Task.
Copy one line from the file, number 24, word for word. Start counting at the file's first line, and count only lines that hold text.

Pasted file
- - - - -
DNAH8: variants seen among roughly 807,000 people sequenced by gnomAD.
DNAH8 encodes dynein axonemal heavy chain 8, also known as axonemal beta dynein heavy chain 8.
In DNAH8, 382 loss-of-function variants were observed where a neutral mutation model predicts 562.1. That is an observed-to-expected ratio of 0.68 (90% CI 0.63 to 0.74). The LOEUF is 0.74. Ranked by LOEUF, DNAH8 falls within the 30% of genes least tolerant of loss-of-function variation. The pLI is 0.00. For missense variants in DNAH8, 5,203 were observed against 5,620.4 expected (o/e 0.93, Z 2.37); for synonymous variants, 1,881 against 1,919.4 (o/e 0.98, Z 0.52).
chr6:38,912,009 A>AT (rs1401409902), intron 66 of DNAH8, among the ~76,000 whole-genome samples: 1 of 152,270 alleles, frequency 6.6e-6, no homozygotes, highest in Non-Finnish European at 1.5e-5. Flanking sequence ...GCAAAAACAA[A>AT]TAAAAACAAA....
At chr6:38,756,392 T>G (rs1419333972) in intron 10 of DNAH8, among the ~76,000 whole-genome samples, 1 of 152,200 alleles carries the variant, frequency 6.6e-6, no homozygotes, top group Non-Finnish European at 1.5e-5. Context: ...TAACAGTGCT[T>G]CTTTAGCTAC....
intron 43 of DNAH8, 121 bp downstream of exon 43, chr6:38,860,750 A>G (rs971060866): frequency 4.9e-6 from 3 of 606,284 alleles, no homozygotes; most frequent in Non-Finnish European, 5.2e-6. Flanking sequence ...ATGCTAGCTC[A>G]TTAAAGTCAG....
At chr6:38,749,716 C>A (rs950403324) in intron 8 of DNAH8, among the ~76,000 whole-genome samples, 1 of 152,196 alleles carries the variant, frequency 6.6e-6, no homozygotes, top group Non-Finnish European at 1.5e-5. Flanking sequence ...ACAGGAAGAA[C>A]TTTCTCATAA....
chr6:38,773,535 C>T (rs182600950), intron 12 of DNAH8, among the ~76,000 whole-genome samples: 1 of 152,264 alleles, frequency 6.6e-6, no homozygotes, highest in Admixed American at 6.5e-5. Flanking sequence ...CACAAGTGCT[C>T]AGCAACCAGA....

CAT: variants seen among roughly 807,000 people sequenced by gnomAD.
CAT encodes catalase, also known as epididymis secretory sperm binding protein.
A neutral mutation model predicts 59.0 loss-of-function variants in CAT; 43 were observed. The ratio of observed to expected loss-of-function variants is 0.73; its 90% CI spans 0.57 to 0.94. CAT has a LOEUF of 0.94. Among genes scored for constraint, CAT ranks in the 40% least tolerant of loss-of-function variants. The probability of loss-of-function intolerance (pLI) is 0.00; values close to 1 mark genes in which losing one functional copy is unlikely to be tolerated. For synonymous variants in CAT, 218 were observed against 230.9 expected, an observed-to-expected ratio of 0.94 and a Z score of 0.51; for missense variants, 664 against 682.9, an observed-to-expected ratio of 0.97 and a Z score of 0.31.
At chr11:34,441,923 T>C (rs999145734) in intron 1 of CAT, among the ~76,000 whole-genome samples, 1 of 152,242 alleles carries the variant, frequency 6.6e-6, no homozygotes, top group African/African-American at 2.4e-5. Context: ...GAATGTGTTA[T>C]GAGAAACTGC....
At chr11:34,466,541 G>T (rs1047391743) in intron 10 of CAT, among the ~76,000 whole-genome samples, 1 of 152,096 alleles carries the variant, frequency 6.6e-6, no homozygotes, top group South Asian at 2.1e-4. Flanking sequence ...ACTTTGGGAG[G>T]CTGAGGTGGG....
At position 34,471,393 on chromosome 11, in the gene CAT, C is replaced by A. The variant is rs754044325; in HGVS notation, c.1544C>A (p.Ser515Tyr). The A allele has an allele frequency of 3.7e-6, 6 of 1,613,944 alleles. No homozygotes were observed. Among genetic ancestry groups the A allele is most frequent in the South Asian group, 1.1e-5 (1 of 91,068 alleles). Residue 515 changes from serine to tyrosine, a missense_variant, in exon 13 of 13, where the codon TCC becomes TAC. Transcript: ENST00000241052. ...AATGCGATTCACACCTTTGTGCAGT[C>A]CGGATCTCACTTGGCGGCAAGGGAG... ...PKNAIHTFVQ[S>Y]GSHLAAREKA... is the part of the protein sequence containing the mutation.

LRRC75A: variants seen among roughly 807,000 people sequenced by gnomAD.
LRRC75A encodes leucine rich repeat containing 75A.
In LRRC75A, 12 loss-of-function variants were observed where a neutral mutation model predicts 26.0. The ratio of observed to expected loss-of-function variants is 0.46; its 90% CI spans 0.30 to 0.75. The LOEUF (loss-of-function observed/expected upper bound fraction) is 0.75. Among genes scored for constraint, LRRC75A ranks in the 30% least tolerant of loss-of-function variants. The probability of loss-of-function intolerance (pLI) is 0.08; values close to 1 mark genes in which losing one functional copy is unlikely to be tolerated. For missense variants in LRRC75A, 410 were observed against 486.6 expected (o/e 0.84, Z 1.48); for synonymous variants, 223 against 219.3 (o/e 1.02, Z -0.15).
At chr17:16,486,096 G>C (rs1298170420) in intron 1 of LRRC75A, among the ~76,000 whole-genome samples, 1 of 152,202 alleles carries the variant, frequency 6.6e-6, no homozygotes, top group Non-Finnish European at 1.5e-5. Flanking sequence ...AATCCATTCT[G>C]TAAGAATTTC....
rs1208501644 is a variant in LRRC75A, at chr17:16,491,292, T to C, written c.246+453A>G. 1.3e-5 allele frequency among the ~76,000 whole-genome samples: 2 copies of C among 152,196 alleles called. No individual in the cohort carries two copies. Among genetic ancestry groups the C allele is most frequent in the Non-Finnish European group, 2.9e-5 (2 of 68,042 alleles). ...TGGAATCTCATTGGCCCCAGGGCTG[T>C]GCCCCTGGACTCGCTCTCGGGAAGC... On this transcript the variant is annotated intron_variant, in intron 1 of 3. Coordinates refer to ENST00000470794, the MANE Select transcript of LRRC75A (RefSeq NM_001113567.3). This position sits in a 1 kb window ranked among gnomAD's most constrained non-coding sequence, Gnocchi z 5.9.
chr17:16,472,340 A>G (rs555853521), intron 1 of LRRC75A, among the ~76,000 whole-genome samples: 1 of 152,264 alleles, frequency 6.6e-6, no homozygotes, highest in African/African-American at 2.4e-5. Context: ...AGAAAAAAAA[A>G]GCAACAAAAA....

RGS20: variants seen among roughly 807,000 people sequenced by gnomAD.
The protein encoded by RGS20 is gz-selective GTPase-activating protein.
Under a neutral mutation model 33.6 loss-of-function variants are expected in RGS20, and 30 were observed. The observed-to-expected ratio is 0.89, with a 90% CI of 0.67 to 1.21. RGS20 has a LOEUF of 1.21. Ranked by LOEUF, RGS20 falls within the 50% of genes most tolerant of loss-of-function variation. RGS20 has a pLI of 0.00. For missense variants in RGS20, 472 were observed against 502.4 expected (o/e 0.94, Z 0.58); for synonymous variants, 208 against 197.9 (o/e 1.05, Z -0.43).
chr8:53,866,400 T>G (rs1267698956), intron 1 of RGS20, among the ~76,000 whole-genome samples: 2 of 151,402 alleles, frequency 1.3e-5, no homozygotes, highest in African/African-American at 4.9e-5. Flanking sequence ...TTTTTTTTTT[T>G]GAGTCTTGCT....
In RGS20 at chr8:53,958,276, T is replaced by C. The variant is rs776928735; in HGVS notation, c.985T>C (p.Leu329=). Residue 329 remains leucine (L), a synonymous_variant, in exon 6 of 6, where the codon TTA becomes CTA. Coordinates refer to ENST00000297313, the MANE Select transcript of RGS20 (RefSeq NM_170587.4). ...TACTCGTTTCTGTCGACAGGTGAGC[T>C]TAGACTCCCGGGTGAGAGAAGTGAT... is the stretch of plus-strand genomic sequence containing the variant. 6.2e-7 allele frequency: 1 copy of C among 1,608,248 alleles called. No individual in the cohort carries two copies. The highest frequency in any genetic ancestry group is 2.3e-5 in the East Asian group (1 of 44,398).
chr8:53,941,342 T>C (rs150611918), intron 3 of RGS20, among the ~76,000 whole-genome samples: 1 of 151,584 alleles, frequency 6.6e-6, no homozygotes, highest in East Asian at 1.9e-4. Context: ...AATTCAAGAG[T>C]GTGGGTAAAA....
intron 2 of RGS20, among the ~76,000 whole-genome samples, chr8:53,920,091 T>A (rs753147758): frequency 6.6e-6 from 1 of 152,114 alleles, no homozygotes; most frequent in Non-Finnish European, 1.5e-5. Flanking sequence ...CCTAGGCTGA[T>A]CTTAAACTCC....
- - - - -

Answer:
chr8:53,866,400 T>G (rs1267698956), intron 1 of RGS20, among the ~76,000 whole-genome samples: 2 of 151,402 alleles, frequency 1.3e-5, no homozygotes, highest in African/African-American at 4.9e-5. Flanking sequence ...TTTTTTTTTT[T>G]GAGTCTTGCT....